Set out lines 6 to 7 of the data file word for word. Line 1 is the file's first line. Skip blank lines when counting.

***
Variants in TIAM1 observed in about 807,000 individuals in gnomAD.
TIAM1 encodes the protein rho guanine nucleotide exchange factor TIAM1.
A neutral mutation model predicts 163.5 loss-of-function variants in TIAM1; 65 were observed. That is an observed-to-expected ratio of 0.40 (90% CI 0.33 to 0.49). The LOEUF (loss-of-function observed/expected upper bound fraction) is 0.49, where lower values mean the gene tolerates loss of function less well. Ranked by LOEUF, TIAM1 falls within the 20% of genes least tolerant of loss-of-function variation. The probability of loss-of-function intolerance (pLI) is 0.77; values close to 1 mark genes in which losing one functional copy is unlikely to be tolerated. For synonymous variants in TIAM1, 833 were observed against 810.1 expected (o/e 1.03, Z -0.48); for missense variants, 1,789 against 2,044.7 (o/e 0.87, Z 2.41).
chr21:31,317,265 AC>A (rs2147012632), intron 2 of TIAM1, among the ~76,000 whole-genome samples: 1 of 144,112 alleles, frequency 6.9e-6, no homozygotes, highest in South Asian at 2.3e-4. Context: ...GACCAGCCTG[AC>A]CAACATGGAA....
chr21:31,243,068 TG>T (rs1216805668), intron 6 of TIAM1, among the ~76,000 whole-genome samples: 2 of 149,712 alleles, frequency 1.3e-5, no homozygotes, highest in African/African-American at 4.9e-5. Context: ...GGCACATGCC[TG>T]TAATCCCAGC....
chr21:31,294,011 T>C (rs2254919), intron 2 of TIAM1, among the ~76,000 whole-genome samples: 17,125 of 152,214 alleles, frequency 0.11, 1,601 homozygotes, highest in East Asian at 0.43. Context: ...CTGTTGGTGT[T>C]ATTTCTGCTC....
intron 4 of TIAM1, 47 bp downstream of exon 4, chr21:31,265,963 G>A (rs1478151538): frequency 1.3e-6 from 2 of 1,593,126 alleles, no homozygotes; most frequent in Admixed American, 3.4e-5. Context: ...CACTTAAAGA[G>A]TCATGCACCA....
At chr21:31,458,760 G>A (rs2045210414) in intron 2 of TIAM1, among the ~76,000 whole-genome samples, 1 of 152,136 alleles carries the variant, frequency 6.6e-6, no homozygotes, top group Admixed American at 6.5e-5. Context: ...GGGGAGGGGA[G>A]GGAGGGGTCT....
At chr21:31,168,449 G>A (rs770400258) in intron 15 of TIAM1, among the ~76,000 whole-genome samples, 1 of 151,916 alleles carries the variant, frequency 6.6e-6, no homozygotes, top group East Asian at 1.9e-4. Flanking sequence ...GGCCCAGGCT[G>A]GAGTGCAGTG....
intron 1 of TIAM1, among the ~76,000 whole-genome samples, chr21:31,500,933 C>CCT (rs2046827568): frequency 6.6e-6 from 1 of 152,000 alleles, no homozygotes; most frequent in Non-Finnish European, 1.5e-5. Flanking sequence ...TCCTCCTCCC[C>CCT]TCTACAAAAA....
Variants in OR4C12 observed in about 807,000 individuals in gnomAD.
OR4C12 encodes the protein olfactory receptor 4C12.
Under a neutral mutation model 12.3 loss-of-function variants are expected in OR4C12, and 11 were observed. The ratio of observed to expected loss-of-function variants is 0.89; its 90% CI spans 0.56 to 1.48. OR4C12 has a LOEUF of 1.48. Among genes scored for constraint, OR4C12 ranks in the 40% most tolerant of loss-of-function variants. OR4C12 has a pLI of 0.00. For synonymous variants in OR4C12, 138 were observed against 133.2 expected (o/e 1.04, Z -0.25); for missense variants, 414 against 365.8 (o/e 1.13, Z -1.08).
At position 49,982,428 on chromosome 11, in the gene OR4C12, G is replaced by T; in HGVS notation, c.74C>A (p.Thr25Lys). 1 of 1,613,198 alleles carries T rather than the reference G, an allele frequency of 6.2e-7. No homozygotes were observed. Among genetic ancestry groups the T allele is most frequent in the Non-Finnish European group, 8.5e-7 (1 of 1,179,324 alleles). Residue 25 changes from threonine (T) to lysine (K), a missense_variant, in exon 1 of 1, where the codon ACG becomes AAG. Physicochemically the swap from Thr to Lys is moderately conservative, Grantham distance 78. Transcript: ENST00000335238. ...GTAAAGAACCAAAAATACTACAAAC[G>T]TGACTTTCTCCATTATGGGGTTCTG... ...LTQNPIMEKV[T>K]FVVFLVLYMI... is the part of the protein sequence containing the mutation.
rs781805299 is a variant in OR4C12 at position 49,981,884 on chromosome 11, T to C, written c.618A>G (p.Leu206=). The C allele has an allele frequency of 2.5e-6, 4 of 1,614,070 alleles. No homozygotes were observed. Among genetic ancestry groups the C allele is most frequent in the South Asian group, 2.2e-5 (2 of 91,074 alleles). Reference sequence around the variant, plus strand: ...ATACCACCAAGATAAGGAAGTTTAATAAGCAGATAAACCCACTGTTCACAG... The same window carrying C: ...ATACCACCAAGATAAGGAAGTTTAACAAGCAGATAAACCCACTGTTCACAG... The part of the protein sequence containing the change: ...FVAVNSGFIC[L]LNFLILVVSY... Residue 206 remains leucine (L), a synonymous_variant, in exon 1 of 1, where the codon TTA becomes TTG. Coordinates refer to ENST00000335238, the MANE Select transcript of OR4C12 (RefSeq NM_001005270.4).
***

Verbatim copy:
chr21:31,294,011 T>C (rs2254919), intron 2 of TIAM1, among the ~76,000 whole-genome samples: 17,125 of 152,214 alleles, frequency 0.11, 1,601 homozygotes, highest in East Asian at 0.43. Context: ...CTGTTGGTGT[T>C]ATTTCTGCTC....
intron 4 of TIAM1, 47 bp downstream of exon 4, chr21:31,265,963 G>A (rs1478151538): frequency 1.3e-6 from 2 of 1,593,126 alleles, no homozygotes; most frequent in Admixed American, 3.4e-5. Context: ...CACTTAAAGA[G>A]TCATGCACCA....